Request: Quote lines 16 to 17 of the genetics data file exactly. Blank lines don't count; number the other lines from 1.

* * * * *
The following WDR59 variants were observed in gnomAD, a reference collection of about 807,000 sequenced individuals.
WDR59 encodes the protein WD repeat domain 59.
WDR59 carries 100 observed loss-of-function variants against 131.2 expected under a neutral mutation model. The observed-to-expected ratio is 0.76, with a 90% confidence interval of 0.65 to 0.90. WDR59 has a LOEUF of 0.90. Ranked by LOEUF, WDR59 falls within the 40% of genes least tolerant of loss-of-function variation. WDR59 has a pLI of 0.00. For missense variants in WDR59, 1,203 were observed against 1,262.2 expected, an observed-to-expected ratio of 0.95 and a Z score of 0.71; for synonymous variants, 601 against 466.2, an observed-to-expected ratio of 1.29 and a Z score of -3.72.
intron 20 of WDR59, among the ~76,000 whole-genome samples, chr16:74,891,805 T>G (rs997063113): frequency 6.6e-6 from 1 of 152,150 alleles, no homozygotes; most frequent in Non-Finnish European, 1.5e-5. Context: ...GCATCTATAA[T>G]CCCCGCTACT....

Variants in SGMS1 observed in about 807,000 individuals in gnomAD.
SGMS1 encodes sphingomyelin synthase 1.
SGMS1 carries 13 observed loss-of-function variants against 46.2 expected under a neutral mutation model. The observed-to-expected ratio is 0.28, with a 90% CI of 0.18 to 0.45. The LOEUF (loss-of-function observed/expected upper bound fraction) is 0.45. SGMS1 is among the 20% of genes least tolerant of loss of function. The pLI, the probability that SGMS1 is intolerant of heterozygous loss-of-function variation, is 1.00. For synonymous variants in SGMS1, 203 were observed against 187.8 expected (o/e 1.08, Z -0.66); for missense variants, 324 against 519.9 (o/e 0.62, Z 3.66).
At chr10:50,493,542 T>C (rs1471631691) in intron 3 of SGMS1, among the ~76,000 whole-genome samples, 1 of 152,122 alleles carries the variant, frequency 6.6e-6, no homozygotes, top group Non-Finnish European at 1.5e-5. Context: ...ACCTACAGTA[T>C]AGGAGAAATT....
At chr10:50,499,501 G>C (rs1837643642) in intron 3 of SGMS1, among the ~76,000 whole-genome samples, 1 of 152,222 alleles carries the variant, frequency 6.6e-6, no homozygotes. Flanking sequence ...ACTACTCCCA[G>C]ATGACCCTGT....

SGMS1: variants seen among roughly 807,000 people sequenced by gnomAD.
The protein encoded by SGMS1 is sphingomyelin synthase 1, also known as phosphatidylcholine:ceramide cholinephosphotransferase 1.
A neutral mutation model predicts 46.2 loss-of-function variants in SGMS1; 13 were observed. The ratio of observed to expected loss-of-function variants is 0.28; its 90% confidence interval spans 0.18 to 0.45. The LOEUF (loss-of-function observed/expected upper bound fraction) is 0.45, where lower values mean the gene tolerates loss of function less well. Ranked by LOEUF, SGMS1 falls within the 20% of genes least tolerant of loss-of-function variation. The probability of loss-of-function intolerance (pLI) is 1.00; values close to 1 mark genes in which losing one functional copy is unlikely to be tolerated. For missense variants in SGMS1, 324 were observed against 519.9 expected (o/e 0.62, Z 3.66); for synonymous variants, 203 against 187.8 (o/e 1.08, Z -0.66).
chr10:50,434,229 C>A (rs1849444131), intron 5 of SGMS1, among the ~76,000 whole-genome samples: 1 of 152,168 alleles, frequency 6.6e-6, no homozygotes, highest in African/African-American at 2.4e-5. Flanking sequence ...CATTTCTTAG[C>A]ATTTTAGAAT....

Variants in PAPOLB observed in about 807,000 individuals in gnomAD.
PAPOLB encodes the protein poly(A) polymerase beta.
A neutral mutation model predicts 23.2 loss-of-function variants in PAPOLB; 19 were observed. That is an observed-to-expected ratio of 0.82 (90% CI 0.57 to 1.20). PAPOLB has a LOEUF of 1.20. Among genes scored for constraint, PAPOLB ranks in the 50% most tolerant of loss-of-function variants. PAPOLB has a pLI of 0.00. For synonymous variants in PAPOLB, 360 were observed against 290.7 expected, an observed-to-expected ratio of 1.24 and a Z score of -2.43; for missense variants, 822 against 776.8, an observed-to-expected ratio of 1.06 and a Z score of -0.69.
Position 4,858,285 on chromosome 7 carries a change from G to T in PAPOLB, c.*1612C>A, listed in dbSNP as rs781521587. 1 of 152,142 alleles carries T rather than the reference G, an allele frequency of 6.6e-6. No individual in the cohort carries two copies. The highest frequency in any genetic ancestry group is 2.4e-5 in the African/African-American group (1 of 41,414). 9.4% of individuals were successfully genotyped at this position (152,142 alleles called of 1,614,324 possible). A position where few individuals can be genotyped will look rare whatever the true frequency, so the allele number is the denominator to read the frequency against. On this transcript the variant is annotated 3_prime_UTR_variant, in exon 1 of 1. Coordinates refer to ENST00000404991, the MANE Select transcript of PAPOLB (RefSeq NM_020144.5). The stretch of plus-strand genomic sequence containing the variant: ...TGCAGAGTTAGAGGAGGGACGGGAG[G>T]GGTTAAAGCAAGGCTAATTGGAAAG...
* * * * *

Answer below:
A neutral mutation model predicts 23.2 loss-of-function variants in PAPOLB; 19 were observed. That is an observed-to-expected ratio of 0.82 (90% CI 0.57 to 1.20). PAPOLB has a LOEUF of 1.20. Among genes scored for constraint, PAPOLB ranks in the 50% most tolerant of loss-of-function variants. PAPOLB has a pLI of 0.00. For synonymous variants in PAPOLB, 360 were observed against 290.7 expected, an observed-to-expected ratio of 1.24 and a Z score of -2.43; for missense variants, 822 against 776.8, an observed-to-expected ratio of 1.06 and a Z score of -0.69.
Position 4,858,285 on chromosome 7 carries a change from G to T in PAPOLB, c.*1612C>A, listed in dbSNP as rs781521587. 1 of 152,142 alleles carries T rather than the reference G, an allele frequency of 6.6e-6. No individual in the cohort carries two copies. The highest frequency in any genetic ancestry group is 2.4e-5 in the African/African-American group (1 of 41,414). 9.4% of individuals were successfully genotyped at this position (152,142 alleles called of 1,614,324 possible). A position where few individuals can be genotyped will look rare whatever the true frequency, so the allele number is the denominator to read the frequency against. On this transcript the variant is annotated 3_prime_UTR_variant, in exon 1 of 1. Coordinates refer to ENST00000404991, the MANE Select transcript of PAPOLB (RefSeq NM_020144.5). The stretch of plus-strand genomic sequence containing the variant: ...TGCAGAGTTAGAGGAGGGACGGGAG[G>T]GGTTAAAGCAAGGCTAATTGGAAAG...